Surtees and Ferrari

John Surtees was a motorcycling World Champion, but with only one racing season under his belt, he wasn’t as proven on four wheels. Surtee’s lack of experience in race cars was compensated by his pure aggression, and boldness, the kind that reminded Ferrari of “The Flying Mantuan” Tazio Nuvolari. Without thinking further, Ferrari went for the contract, “I would like you to drive for us next year,” Ferrari said, offering Surtees the chance to race in “Formula 1, sports cars, and anything else we might decide to race.” It was surely a big offer, but Surtees didn’t see himself ready, yet, to take on this challenge. He turned down the offer, opting to ramp up his experience on the race track instead. Rebuilding his team a year later, Ferrari acquired the services of a new manager. He also hired an  engineering expert in the person of Mauro Forghieri, but he was short of options in the driving department and turned to Surtees again. The time was right, and Surtees took the job.

Born in 1934 to a talented motorcycle racer, Surtees grew up learning the ropes of racing under his father. The latter would eventually train dispatch riders for the British army during World War II. These riders had to be acutely skilled and insanely fast to safely pass across messages to soldiers on the front lines. By twenty-six, Surtees was a national hero abroad, in Italy. He was already seven-time winner of the Grand Prix World Championships and was well on course to become the world’s fastest man on two wheels.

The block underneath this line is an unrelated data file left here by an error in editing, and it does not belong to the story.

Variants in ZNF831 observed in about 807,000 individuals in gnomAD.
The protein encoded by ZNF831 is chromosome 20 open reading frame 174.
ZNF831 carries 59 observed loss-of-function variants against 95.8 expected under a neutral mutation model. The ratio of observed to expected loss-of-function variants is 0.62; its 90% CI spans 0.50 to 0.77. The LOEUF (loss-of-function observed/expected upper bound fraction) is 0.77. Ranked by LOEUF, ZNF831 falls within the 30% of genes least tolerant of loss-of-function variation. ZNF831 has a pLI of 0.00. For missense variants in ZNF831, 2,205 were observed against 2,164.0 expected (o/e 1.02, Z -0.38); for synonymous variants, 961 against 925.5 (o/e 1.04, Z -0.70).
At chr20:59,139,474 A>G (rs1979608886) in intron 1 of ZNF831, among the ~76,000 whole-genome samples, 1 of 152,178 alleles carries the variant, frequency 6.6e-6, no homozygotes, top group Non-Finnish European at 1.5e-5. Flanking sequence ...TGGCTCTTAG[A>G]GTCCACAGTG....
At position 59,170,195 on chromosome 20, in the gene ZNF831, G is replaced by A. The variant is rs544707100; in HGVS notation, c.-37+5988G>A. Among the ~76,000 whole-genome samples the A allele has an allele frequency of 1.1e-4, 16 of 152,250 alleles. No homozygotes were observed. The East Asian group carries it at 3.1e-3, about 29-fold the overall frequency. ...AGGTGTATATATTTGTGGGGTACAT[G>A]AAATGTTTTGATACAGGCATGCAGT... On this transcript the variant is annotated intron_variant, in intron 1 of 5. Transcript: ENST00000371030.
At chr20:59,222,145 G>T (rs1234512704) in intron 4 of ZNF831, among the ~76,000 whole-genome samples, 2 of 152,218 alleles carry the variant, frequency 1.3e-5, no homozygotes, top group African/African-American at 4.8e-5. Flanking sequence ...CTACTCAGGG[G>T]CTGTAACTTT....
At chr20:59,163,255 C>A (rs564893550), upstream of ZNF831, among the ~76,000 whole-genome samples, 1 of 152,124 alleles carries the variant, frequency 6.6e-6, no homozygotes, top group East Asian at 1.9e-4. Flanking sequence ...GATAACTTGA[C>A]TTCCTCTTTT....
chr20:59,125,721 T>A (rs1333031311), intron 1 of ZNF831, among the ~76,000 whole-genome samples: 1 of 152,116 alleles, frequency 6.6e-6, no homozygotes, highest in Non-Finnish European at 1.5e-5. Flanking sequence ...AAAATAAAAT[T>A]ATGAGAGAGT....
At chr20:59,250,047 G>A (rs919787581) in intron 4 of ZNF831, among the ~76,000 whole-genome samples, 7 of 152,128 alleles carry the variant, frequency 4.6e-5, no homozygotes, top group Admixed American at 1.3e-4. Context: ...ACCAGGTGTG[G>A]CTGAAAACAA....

Surtees’ first Formula One race was in Lotus. And while he had little experience with cars, he would go on to win his third Grand Prix in Portugal.  It was clear he’d meet the needs of Ferrari when he joined in 1963. His first race was the 12 Hours of Sebring, where his retainer contract and financial remuneration from wins were enough to get by. Surtees had a solid relationship with Ferrari from the get-go. The pair launched together in town and showed a close bond starkly different from the Phil Hill-Ferrari one.  Ferrari set out to test the Englishman’s success on the team. Already World Champion on two wheels, Surtees was bidding to set an unprecedented record on four wheels.

In his first season, Surtees traveled west to the United States, where he competed in Riverside, California. He saw in America a thriving world of sports cars where a fusion of European style and American thinking shone through the experimental lightweight cars rolled out of production lines. The big engines were obvious, championed by Carroll Shelby’s Cobra and Jim Hall’s Chaparral.  On his return, Surtees made his observations known. “We cannot compete with the big engines being used in America,” he warned Ferrari. Another worry was that the Ferrari team that had dominated the Italian racing scene wasn’t evolving quite dynamically as it should. If the cutting-edge innovation, now driven by English teams, and the big engines in America were anything to go by, Surtees feared that Ferrari’s dominance may be put to an unprecedented test in the future. The need to innovate and think young couldn’t be more important. Ferrari had to come up with a plan, and fast.

In 1964, Ferrari rolled out the 1964 Ferrari 330 P. An update of the prototype sports car that won Le Mans the prior year, Ferrari’s new build was a blend of every ounce of imagination from the brightest mechanical experts in Italy. Featuring a four-liter V12 with six twin-choke Weber carburetors, the race engine delivered approximately 370 horsepower, simply surreal for a car less than 1,665 pounds in weight.

Brimming with confidence that his new weapon would be unrivalled by any other sports car maker, Ferrari was unfazed by the combined threat of Ford Motor Company and the Shelby Cobras.  The new release was about five kilograms less in weight and added 60 horsepower to its predecessor. Besides, Ferrari cars won Le Mans the last five years. And while his Formula One duels were not perfect, Ferrari was confident that his established superiority in sports car racing – that turned spectators to paying customers in the showroom – was virtually sealed.

Surtees and Enzo